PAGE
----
Thursday, December 31, 2020

The Reverend Albutt Gardner

 



A resident of Cathedral Village, Andorra, Albutt Gardner was born and raised in Franklin, Virginia, and graduated from Franklin HS in 1947. He graduated from Mars Hill College, NC with an AA degree, then received a BA from the University of Richmond, VA. He was ordained as a Baptist minister in July 1951, and served in Oak Grove, Virginia. After graduating with a Master of Divinity from Crozer Theological Seminary, PA in 1955, he moved to Michigan and was pastor at Congregational churches in Morenci, Comstock Park and Manistee. 

He then returned to Delaware and was ordained as an Episcopal priest in June 1965 and served the church until his retirement in 1994. He first served at the Cathedral of St. John in Wilmington, DE, then Christ Church in Milford, DE before becoming Rector of St. Paul's Episcopal Church in Elkins Park, PA. He later served as Vicar at All Saints Church, Crescentville PA until he retired. After he retired, he continued to serve by helping at Trinity Church, Gulph Mills PA in several roles, and at St. Martin's in the Field Church, Chestnut Hill. Al was a docent at the Univ of PA Museum of Archaeology and Anthropology, and was a member of the Oak Lane Shakespeare Club of Philadelphia. 

He is the author of "Roots in Colonial Virginia: William Leonard Joyner and His Descendants" a book about his maternal grandfather. In lieu of flowers, Father Gardner's family requests memorial gifts to St. James School, 3217 West Clearfield, Philadephia, PA 19132 Al is survived by his partner Rodney R. Michel, and his 3 sons Randy Gardner of Arcata, CA, Al Gardner of Levelland, TX and Geoffrey Gardner of Norristown, PA. He is also survived by four grandchildren and four great-grandchildren. He was pre-deceased by his wife of many years, Ruth Hines Gardner, his daughter Ruth E. Gardner and son Mark F. Gardner. He was dearly loved and will be missed by many. Services will be held in late Spring or early Summer 2021.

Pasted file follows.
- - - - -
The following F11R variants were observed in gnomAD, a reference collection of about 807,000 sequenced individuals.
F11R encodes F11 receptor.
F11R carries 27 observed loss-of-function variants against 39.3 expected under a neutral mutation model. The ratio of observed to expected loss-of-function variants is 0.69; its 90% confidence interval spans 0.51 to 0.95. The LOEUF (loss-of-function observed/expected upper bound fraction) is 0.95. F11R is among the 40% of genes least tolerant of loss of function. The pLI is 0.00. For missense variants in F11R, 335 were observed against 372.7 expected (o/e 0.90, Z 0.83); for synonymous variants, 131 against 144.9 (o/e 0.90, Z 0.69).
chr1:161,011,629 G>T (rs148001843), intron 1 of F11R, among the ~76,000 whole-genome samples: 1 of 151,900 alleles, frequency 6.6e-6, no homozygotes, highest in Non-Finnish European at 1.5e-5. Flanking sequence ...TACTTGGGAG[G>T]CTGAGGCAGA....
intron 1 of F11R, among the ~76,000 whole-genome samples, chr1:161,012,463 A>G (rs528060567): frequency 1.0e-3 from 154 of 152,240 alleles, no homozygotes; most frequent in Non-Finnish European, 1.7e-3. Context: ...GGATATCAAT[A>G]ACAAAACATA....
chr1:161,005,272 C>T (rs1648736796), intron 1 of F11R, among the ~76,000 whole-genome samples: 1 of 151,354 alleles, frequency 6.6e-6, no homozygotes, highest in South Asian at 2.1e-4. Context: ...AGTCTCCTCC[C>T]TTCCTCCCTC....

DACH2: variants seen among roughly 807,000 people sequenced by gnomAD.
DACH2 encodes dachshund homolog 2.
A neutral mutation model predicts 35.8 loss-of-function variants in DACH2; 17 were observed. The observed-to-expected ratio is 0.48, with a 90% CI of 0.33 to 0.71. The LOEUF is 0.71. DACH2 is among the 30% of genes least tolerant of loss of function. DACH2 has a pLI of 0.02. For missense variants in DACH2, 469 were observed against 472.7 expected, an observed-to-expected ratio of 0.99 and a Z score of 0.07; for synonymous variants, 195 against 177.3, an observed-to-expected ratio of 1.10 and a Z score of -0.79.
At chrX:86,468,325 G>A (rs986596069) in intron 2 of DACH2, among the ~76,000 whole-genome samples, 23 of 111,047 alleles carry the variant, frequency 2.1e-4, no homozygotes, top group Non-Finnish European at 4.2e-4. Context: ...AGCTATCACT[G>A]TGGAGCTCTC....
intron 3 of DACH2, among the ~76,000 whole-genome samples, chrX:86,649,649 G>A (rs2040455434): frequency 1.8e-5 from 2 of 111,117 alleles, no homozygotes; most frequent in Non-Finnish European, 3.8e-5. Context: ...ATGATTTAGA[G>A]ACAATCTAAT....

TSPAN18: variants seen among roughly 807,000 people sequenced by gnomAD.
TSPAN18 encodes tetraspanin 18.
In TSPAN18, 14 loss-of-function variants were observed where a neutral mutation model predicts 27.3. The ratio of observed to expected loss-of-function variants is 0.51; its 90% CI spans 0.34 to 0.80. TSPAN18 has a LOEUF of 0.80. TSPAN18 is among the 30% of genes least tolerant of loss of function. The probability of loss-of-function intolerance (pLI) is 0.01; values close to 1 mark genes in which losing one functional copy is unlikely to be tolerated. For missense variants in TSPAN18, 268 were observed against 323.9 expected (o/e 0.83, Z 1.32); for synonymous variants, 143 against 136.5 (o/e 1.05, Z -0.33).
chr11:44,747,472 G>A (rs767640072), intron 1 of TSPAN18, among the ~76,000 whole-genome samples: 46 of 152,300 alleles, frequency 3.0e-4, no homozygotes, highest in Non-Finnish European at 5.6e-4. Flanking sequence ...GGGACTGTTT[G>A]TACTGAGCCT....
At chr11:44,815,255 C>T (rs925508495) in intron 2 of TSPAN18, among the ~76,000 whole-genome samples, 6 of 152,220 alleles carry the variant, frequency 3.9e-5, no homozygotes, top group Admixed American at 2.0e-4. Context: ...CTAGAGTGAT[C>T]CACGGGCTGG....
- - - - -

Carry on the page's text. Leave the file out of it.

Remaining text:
Published in The Philadelphia Inquirer on Dec. 18, 2020.

O Holy Night

 


Wednesday, December 30, 2020

7th Day of Christmas ~ Sigfrid Karg-Elert- 'Resonet in Laudibus' from Cathedral Windows

 Sigfrid Karg-Elert- 'Resonet in Laudibus' from Cathedral Windows

played by Jonathan Stark

12noon on 31 December 2020



St. Mary's Episcopal Church, Cathedral Road



Sigfrid Karg-Elert- 'Resonet in Laudibus' from Cathedral Windows

played by Jonathan Stark

The music of Sigfrid Karg-Elert (1877-1933) combines late-romantic with impressionistic and expressionistic tendencies, as is shown in this piece, one of six from his collection "Cathedral Windows" (Opus 106). The 14th century melody Resonet in Laudibus is mostly associated now with the text "Joseph Dearest, Joseph Mine". In the score Karg-Elert calls for two very high notes to sound throughout the piece, symbolizing the Christmas star. However, on a two manual (2 keyboard) organ, this excessively limits the organist's choices of tone colors, so I've omitted the effect in this performance.


Visit us at http://stmaryscathedralroad.com/Sermons at: https://peterssermons.blogspot.com/Diocese of Pennsylvania: https://www.diopa.org/

30 December 2020 ~ 6th Day of Christmas Music ~ "Canonic Variations on Infant Holy, Infant Lowly"

St. Mary's Episcopal Church, Cathedral Road Raymond Haan- "Canonic Variations on Infant Holy, Infant Lowly"
played by Jonathan Stark


St. Mary's Episcopal Church, Cathedral Road Raymond Haan- "Canonic Variations on Infant Holy, Infant Lowly" played by Jonathan Stark Although the Polish carol "Infant Holy, Infant Lowly" is not in our hymnal, it is familiar to many folks. Each variation of Raymond Haan's Canonic Variations uses the musical technique of canon, where a melody in one part is imitated shortly after by the same melody in another part.

 

National Cathedral Bells

 National Cathedral Bells



Tuesday, December 29, 2020

Carols from King's College, Cambridge

Wonderful carols for the season! 

Merry Christmas!




The Rev. Sadie Mitchell, a retired educator and Episcopal priest, died on Wednesday, Dec. 16, 2020. She was 99.

 

Rev. Sadie Mitchell

Sadie Mitchell

The Rev. Sadie Mitchell, a retired educator and Episcopal priest, died on Wednesday, Dec. 16, 2020. She was 99.

Mitchell had suffered several falls, with the last fall resulting in hip replacement surgery. She never fully recovered from the lasting effects of that trauma.